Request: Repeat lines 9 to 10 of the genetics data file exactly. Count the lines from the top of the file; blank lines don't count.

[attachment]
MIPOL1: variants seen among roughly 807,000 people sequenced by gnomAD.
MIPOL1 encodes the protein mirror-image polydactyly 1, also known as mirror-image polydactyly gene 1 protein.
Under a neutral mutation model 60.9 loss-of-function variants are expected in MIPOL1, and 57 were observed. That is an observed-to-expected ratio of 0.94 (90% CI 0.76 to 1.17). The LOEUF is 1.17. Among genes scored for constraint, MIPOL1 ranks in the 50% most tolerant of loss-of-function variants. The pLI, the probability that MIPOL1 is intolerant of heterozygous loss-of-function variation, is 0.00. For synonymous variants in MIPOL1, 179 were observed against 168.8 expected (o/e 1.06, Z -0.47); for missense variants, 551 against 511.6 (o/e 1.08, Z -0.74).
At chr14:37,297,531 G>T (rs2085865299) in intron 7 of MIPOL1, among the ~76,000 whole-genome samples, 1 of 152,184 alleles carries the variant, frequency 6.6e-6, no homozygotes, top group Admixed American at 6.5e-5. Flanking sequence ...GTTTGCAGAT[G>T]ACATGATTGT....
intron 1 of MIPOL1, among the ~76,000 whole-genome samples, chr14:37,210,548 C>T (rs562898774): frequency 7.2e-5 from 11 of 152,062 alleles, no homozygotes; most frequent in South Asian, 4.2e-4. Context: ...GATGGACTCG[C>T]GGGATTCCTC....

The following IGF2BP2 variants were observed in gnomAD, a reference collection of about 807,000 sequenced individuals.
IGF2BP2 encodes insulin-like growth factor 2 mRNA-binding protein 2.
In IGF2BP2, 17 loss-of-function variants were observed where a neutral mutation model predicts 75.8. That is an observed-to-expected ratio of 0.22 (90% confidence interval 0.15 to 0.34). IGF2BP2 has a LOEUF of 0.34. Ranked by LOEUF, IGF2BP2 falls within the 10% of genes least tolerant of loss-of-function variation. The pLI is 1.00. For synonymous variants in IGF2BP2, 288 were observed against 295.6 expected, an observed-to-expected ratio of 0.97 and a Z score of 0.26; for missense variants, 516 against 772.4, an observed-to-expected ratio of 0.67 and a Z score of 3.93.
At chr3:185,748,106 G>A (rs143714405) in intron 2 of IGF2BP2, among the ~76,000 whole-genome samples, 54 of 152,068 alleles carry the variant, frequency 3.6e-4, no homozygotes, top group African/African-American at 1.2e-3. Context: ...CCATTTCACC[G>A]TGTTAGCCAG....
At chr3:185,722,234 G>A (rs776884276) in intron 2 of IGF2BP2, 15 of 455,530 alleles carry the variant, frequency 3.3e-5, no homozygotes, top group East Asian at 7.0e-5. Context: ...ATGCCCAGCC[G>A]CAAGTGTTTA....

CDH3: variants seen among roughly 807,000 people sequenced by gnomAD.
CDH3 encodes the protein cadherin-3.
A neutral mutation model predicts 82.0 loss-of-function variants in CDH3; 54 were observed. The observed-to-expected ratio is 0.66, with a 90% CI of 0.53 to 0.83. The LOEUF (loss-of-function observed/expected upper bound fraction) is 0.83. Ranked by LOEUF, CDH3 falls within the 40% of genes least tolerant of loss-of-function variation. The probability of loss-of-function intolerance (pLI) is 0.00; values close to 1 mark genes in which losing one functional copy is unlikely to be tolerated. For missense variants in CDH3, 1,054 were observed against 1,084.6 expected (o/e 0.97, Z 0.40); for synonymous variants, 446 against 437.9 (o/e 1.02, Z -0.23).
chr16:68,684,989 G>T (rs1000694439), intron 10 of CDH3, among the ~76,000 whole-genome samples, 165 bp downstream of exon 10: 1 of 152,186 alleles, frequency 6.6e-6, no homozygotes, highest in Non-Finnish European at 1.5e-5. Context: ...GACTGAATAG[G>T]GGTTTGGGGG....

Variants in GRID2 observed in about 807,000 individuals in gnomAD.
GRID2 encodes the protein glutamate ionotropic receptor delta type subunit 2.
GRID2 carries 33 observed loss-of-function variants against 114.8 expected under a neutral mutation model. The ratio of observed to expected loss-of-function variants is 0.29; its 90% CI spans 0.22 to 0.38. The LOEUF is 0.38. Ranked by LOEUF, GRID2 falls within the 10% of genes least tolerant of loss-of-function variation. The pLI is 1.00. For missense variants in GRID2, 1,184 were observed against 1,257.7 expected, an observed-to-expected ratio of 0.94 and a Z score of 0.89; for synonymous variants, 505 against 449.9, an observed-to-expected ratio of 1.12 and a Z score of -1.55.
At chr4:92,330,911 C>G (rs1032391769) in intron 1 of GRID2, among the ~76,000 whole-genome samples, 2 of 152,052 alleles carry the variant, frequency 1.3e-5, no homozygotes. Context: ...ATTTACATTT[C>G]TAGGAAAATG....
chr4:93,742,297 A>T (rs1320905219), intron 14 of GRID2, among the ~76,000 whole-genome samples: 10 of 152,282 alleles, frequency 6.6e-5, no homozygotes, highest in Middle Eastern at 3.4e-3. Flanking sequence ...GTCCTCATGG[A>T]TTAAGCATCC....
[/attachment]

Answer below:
At chr3:185,748,106 G>A (rs143714405) in intron 2 of IGF2BP2, among the ~76,000 whole-genome samples, 54 of 152,068 alleles carry the variant, frequency 3.6e-4, no homozygotes, top group African/African-American at 1.2e-3. Context: ...CCATTTCACC[G>A]TGTTAGCCAG....
At chr3:185,722,234 G>A (rs776884276) in intron 2 of IGF2BP2, 15 of 455,530 alleles carry the variant, frequency 3.3e-5, no homozygotes, top group East Asian at 7.0e-5. Context: ...ATGCCCAGCC[G>A]CAAGTGTTTA....